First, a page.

With the mid in phase, topology is as expected. With the mid out of phase, its a strange topology that produces mathematically predictable, but not expected results. I need to either move 2 leads so the ground point moves consistently or tie the grounds together in a different way. To be confirmed when I have time in the evening to fire the measurement rig back up.

          Basically, as they call it in the IT biz, user error. Hopefully that's all it is.

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          • #6
            Change the polarity at the driver, or in other words, change it in the wiring after the x-over.

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            • #7
              RPB, that's what I was doing, but I was using the lead coming out of the mid as a grounding point and didn't move the second wire attached to it. Moving the second wire with the first, or just clipping the second wire to another ground point solved the issue.

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              • #8
                You will also see some anomalous behavior leaving sections of the filter hanging
                off one of another when only trying to measure part of a filter and of course things
                changing with no load. During this phase I build a HP and LP section on the $2
                pcb (bandpass too) with extra leads soldered to the woofer LP with 3/16 spades
                to easily connect or disconnect each section. Sometimes I will leave a component
                lead or 2 unsoldered to connect alligator clips to change out or add parts quickly,
                this at least give me a solid foundation to work from, nothing like working hard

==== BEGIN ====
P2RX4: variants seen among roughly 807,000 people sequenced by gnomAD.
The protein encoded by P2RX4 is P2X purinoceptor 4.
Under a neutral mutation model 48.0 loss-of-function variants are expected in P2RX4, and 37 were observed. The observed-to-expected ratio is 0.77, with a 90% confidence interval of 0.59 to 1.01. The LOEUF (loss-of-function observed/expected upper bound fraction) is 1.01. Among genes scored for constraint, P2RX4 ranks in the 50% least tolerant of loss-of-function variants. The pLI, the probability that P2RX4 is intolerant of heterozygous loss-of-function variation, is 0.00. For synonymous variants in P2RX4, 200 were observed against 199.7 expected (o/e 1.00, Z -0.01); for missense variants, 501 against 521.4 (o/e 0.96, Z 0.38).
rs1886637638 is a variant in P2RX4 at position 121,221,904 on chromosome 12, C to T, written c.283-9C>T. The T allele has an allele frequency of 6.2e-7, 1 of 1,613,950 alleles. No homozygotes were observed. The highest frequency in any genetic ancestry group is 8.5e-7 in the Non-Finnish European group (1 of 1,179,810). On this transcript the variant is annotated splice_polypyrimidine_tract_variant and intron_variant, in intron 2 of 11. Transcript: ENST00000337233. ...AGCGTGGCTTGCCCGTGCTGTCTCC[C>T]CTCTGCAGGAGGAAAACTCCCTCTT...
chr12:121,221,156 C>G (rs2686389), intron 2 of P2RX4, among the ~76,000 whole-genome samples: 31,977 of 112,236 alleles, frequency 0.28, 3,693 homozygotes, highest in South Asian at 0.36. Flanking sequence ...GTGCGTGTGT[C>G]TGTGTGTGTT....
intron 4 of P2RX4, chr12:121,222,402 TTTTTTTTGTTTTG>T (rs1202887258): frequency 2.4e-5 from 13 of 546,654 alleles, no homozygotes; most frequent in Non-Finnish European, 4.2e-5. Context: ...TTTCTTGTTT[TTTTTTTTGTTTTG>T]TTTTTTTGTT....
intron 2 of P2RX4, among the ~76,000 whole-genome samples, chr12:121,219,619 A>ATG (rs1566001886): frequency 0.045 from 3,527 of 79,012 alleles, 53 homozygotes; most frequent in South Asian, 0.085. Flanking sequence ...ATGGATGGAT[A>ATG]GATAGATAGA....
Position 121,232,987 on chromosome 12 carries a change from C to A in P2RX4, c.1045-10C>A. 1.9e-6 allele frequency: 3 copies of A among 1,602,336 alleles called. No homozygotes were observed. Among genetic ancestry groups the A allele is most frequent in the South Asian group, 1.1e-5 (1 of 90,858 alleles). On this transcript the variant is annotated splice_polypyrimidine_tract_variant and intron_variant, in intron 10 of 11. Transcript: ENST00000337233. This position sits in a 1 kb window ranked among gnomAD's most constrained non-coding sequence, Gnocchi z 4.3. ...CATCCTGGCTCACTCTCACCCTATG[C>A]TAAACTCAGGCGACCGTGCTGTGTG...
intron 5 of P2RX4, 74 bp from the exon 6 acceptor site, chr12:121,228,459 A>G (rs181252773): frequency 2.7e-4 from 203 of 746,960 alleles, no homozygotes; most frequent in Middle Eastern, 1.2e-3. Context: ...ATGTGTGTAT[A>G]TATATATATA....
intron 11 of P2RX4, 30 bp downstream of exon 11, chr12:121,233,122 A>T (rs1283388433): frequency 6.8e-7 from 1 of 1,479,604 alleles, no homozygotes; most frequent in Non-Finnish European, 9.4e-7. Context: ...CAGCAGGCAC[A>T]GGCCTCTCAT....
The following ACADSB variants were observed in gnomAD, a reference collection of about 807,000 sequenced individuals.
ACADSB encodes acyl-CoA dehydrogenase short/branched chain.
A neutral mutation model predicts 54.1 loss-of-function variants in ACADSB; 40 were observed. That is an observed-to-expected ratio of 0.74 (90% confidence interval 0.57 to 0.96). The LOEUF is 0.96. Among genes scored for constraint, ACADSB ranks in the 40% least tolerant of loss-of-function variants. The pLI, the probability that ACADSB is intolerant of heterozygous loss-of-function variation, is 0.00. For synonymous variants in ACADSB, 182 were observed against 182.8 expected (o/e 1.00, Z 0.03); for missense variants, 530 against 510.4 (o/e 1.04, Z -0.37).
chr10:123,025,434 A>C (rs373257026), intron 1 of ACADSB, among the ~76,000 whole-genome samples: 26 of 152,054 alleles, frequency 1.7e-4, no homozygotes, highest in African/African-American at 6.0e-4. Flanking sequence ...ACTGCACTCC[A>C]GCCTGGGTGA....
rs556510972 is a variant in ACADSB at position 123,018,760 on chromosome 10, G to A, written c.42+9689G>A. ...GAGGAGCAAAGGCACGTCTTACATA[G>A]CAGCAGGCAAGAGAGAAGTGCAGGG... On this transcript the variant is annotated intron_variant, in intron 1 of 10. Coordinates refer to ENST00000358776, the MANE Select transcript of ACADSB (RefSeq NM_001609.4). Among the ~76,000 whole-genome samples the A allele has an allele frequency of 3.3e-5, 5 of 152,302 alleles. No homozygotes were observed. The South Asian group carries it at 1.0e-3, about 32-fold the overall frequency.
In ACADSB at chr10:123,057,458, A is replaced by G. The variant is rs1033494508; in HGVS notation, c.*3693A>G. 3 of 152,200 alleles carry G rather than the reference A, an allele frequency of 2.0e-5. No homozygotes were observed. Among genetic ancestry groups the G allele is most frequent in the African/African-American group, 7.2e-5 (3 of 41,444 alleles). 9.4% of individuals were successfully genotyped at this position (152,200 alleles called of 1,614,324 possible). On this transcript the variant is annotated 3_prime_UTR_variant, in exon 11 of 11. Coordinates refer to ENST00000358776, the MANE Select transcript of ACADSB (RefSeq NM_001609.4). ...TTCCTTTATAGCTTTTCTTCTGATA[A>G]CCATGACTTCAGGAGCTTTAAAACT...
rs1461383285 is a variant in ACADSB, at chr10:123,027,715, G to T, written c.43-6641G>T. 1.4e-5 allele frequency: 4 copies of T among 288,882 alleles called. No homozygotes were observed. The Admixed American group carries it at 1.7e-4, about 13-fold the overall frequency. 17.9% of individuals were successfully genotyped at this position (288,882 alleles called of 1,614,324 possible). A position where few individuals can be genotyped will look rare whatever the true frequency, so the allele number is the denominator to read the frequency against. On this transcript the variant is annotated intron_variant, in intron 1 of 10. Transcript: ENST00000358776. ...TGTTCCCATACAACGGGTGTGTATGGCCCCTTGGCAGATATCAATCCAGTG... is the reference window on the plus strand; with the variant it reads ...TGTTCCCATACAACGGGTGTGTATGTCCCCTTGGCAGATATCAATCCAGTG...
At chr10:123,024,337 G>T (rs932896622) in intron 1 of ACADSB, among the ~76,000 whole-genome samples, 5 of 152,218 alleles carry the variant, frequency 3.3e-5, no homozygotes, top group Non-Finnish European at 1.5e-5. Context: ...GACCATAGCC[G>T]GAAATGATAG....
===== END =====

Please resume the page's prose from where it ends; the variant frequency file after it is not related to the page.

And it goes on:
for an hour just to find a connection was wrong or something. It is also very
                easy to unsolder and change parts when needed (quicker than
                battling 17 clips and wire!) I also solder on screw terminals for quick part
                changes on the bigger PCBs from Madi.

                Part # 260-130


                Guess xmax's age.

                My guess: 15. His grammar is passable. His trolling is good.

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                • #9
                  Originally posted by Adam_M View Post
                  RPB, that's what I was doing, but I was using the lead coming out of the mid as a grounding point and didn't move the second wire attached to it. Moving the second wire with the first, or just clipping the second wire to another ground point solved the issue.
                  Most of the boxes I'm working on have banana plugs for the speaker. I wire those to the woofer. The wires for the tweeter exit through a couple of drilled holes on the back of the box. When I want to change polarity, I usually just switch it at the banana plugs. Sometimes, I have jumpers attached on both wires for the tweeter where they exit the box, and I switch there instead. Anyway, you found the problem. I was just trying to be helpful.